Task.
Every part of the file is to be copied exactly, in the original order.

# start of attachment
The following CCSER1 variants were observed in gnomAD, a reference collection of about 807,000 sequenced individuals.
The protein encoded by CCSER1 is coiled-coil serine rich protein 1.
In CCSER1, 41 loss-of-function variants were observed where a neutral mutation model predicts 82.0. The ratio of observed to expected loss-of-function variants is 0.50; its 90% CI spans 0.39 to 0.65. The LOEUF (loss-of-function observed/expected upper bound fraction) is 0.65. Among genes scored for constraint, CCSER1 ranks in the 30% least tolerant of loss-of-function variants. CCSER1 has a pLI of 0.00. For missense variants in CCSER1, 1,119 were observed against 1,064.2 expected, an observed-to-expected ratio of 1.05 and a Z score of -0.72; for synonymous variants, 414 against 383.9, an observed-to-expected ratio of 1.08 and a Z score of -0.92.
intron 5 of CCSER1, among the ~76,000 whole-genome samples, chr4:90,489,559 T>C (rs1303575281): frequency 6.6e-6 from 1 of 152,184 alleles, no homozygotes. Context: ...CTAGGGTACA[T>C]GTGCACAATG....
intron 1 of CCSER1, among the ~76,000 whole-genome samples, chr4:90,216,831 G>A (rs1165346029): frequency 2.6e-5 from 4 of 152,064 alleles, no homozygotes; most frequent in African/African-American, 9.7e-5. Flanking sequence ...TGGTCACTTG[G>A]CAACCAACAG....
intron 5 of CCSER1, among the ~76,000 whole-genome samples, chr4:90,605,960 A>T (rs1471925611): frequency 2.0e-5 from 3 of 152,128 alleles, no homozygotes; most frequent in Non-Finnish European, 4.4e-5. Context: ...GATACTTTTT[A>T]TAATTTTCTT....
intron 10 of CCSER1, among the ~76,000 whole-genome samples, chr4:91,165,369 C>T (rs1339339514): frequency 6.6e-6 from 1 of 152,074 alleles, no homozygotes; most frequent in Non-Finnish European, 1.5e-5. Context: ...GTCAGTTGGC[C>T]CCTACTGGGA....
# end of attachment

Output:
The following CCSER1 variants were observed in gnomAD, a reference collection of about 807,000 sequenced individuals.
The protein encoded by CCSER1 is coiled-coil serine rich protein 1.
In CCSER1, 41 loss-of-function variants were observed where a neutral mutation model predicts 82.0. The ratio of observed to expected loss-of-function variants is 0.50; its 90% CI spans 0.39 to 0.65. The LOEUF (loss-of-function observed/expected upper bound fraction) is 0.65. Among genes scored for constraint, CCSER1 ranks in the 30% least tolerant of loss-of-function variants. CCSER1 has a pLI of 0.00. For missense variants in CCSER1, 1,119 were observed against 1,064.2 expected, an observed-to-expected ratio of 1.05 and a Z score of -0.72; for synonymous variants, 414 against 383.9, an observed-to-expected ratio of 1.08 and a Z score of -0.92.
intron 5 of CCSER1, among the ~76,000 whole-genome samples, chr4:90,489,559 T>C (rs1303575281): frequency 6.6e-6 from 1 of 152,184 alleles, no homozygotes. Context: ...CTAGGGTACA[T>C]GTGCACAATG....
intron 1 of CCSER1, among the ~76,000 whole-genome samples, chr4:90,216,831 G>A (rs1165346029): frequency 2.6e-5 from 4 of 152,064 alleles, no homozygotes; most frequent in African/African-American, 9.7e-5. Flanking sequence ...TGGTCACTTG[G>A]CAACCAACAG....
intron 5 of CCSER1, among the ~76,000 whole-genome samples, chr4:90,605,960 A>T (rs1471925611): frequency 2.0e-5 from 3 of 152,128 alleles, no homozygotes; most frequent in Non-Finnish European, 4.4e-5. Context: ...GATACTTTTT[A>T]TAATTTTCTT....
intron 10 of CCSER1, among the ~76,000 whole-genome samples, chr4:91,165,369 C>T (rs1339339514): frequency 6.6e-6 from 1 of 152,074 alleles, no homozygotes; most frequent in Non-Finnish European, 1.5e-5. Context: ...GTCAGTTGGC[C>T]CCTACTGGGA....